... tremendous ... a careful biography of a very successful business with unflinching attention to the monstrosity that business was built upon ... othman’s book never strays far from the fact that this big business was built on forced removal, a process that entailed, for the people being trafficked, a tremendous amount of pain ... distills these crucial questions to their core.
... brilliant ... Although Franklin and Armfield and Ballard featured in a handful of mid-20th century biographies from historians such as Wendell Stephenson and Isabel Howell, The Ledger and the Chain is the first book to concern itself entirely with the converging lives of all three. Rothman does an exemplary job of describing how the three established slave-trading outfits at the Chesapeake end of the domestic trade in Maryland, Alexandria, and Richmond, as well as deep south outposts in Natchez, Mississippi, and New Orleans; and how they achieved greater efficiencies in transport (both in terms of travel time and lost potential profit due to disease and death) by often delivering their human cargo via their own brigs, rather than hired ships or via arduous overland travel by chained coffle ... emerges as an essential and definitive work...convincingly positioning the prime movers of the slave trade at the fulcrum of an expanding American economy and credit system fueled by the forced labor of the Black bodies they bought and sold ... demolishes the fictions that have traditionally placed enslavers at a genteel distance from the atrocities that underwrote their lives and defined.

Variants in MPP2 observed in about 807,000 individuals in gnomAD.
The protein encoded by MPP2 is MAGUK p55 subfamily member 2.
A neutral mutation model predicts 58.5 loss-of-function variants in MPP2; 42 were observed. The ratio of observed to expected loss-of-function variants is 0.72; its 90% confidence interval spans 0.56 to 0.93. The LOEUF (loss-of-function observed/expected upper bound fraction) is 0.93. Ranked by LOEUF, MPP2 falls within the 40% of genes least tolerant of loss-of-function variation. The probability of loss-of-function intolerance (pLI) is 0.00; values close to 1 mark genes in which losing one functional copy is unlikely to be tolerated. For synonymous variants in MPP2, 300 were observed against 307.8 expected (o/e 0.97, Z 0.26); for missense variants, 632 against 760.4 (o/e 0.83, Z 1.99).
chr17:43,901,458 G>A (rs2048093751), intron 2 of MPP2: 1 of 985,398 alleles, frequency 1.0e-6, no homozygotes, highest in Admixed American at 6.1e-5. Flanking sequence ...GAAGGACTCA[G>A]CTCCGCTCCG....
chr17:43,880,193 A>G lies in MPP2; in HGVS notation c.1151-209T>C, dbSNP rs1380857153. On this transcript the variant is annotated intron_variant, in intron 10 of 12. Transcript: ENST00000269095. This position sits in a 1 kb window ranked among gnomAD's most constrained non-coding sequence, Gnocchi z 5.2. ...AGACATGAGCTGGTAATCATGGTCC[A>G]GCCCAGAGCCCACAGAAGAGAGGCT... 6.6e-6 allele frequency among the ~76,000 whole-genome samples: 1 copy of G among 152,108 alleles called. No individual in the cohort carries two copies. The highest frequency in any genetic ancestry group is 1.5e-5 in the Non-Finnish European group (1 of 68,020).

... gut-wrenching ... Other scholars have produced accounts of the domestic slave trade. Mr. Rothman writes about slave traders, and puts an indelible face on their inhumanity ... Mr. Rothman has done an astounding amount of research into period narratives testifying to the brutality endured by trafficking victims ... The author acknowledges that he often grieved over the material he uncovered, and The Ledger and the Chain can be equally painful to read.